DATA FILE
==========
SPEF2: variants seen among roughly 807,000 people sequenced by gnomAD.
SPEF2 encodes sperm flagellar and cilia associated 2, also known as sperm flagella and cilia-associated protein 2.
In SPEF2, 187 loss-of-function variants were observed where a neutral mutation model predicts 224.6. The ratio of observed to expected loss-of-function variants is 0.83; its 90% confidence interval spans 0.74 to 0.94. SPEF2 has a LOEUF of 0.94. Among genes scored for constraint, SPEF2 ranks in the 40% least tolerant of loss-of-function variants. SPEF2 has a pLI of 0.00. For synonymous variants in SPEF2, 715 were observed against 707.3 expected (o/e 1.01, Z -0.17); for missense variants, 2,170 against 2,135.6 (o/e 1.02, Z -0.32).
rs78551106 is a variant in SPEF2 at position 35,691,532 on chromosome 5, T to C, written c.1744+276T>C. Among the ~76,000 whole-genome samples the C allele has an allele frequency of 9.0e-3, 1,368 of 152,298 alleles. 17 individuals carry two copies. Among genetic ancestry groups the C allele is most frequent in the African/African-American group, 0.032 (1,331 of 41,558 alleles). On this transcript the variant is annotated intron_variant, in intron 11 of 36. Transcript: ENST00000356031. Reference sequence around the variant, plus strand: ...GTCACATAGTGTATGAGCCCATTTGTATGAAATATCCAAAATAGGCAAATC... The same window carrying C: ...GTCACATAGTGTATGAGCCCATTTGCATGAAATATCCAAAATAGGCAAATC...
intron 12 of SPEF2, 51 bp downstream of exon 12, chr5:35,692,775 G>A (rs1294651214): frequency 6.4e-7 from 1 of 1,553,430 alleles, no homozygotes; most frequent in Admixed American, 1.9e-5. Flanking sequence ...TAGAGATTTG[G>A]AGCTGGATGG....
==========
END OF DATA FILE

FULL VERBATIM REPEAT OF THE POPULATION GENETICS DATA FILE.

SPEF2: variants seen among roughly 807,000 people sequenced by gnomAD.
SPEF2 encodes sperm flagellar and cilia associated 2, also known as sperm flagella and cilia-associated protein 2.
In SPEF2, 187 loss-of-function variants were observed where a neutral mutation model predicts 224.6. The ratio of observed to expected loss-of-function variants is 0.83; its 90% confidence interval spans 0.74 to 0.94. SPEF2 has a LOEUF of 0.94. Among genes scored for constraint, SPEF2 ranks in the 40% least tolerant of loss-of-function variants. SPEF2 has a pLI of 0.00. For synonymous variants in SPEF2, 715 were observed against 707.3 expected (o/e 1.01, Z -0.17); for missense variants, 2,170 against 2,135.6 (o/e 1.02, Z -0.32).
rs78551106 is a variant in SPEF2 at position 35,691,532 on chromosome 5, T to C, written c.1744+276T>C. Among the ~76,000 whole-genome samples the C allele has an allele frequency of 9.0e-3, 1,368 of 152,298 alleles. 17 individuals carry two copies. Among genetic ancestry groups the C allele is most frequent in the African/African-American group, 0.032 (1,331 of 41,558 alleles). On this transcript the variant is annotated intron_variant, in intron 11 of 36. Transcript: ENST00000356031. Reference sequence around the variant, plus strand: ...GTCACATAGTGTATGAGCCCATTTGTATGAAATATCCAAAATAGGCAAATC... The same window carrying C: ...GTCACATAGTGTATGAGCCCATTTGCATGAAATATCCAAAATAGGCAAATC...
intron 12 of SPEF2, 51 bp downstream of exon 12, chr5:35,692,775 G>A (rs1294651214): frequency 6.4e-7 from 1 of 1,553,430 alleles, no homozygotes; most frequent in Admixed American, 1.9e-5. Flanking sequence ...TAGAGATTTG[G>A]AGCTGGATGG....